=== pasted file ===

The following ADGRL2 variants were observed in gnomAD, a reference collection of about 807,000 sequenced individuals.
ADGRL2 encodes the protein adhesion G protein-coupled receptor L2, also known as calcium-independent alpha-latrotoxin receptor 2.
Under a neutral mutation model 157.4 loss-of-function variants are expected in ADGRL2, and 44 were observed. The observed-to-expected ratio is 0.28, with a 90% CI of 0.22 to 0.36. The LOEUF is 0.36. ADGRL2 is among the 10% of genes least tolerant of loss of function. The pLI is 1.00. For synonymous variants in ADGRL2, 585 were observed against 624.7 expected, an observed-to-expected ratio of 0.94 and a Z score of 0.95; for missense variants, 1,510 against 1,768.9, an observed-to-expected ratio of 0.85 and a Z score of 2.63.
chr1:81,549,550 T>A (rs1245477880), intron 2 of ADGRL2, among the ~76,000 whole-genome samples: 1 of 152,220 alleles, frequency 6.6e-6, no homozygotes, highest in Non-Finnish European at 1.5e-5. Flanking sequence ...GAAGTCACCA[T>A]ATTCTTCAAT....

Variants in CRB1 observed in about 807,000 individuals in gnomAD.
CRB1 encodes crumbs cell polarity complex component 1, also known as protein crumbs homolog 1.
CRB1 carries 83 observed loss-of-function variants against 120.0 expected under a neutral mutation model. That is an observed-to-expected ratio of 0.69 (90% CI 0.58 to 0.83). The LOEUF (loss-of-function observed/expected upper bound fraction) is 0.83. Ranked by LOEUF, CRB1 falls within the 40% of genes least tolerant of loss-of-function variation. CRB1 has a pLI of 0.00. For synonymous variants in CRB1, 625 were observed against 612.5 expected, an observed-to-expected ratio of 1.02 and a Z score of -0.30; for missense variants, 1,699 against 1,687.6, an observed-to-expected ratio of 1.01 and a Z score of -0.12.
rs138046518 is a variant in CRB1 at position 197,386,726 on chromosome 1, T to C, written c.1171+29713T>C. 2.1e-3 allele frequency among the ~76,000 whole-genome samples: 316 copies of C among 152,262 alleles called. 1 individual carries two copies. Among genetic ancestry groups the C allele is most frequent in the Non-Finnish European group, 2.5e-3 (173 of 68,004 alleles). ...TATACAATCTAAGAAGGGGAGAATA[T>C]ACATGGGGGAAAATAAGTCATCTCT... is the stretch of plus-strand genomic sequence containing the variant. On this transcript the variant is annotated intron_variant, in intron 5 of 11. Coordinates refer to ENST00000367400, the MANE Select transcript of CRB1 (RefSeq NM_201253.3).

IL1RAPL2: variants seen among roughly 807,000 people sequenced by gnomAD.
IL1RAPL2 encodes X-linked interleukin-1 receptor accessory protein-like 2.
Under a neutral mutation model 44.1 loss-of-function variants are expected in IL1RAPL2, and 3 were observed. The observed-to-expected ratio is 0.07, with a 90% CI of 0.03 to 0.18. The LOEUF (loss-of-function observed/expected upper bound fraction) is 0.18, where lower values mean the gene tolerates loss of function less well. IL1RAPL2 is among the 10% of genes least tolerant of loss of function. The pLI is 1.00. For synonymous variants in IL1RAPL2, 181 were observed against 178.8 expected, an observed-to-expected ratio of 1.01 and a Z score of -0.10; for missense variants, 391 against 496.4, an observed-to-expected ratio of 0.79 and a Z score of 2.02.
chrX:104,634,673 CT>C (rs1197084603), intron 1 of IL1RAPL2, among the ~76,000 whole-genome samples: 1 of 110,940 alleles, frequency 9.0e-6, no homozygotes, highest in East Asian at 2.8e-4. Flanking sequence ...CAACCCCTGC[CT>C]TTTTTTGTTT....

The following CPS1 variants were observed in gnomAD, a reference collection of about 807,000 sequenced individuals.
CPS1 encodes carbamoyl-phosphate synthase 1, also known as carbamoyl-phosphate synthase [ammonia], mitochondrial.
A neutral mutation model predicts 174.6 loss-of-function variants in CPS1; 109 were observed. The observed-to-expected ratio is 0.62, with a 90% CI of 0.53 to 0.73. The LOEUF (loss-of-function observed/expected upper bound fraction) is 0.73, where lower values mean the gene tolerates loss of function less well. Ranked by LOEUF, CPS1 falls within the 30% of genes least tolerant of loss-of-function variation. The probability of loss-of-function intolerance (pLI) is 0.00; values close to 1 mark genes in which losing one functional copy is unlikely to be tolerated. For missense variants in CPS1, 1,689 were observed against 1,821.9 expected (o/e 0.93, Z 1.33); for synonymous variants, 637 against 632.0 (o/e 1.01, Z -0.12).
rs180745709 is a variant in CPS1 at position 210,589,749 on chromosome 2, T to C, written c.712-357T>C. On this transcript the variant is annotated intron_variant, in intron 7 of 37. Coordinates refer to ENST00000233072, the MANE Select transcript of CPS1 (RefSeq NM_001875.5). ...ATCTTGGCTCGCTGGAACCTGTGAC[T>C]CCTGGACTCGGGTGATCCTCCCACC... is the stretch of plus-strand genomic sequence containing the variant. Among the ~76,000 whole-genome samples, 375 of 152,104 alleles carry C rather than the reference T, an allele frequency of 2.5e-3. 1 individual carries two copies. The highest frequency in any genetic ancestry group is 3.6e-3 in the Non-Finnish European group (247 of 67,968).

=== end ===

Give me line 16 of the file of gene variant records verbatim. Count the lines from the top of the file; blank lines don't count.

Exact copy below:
rs180745709 is a variant in CPS1 at position 210,589,749 on chromosome 2, T to C, written c.712-357T>C. On this transcript the variant is annotated intron_variant, in intron 7 of 37. Coordinates refer to ENST00000233072, the MANE Select transcript of CPS1 (RefSeq NM_001875.5). ...ATCTTGGCTCGCTGGAACCTGTGAC[T>C]CCTGGACTCGGGTGATCCTCCCACC... is the stretch of plus-strand genomic sequence containing the variant. Among the ~76,000 whole-genome samples, 375 of 152,104 alleles carry C rather than the reference T, an allele frequency of 2.5e-3. 1 individual carries two copies. The highest frequency in any genetic ancestry group is 3.6e-3 in the Non-Finnish European group (247 of 67,968).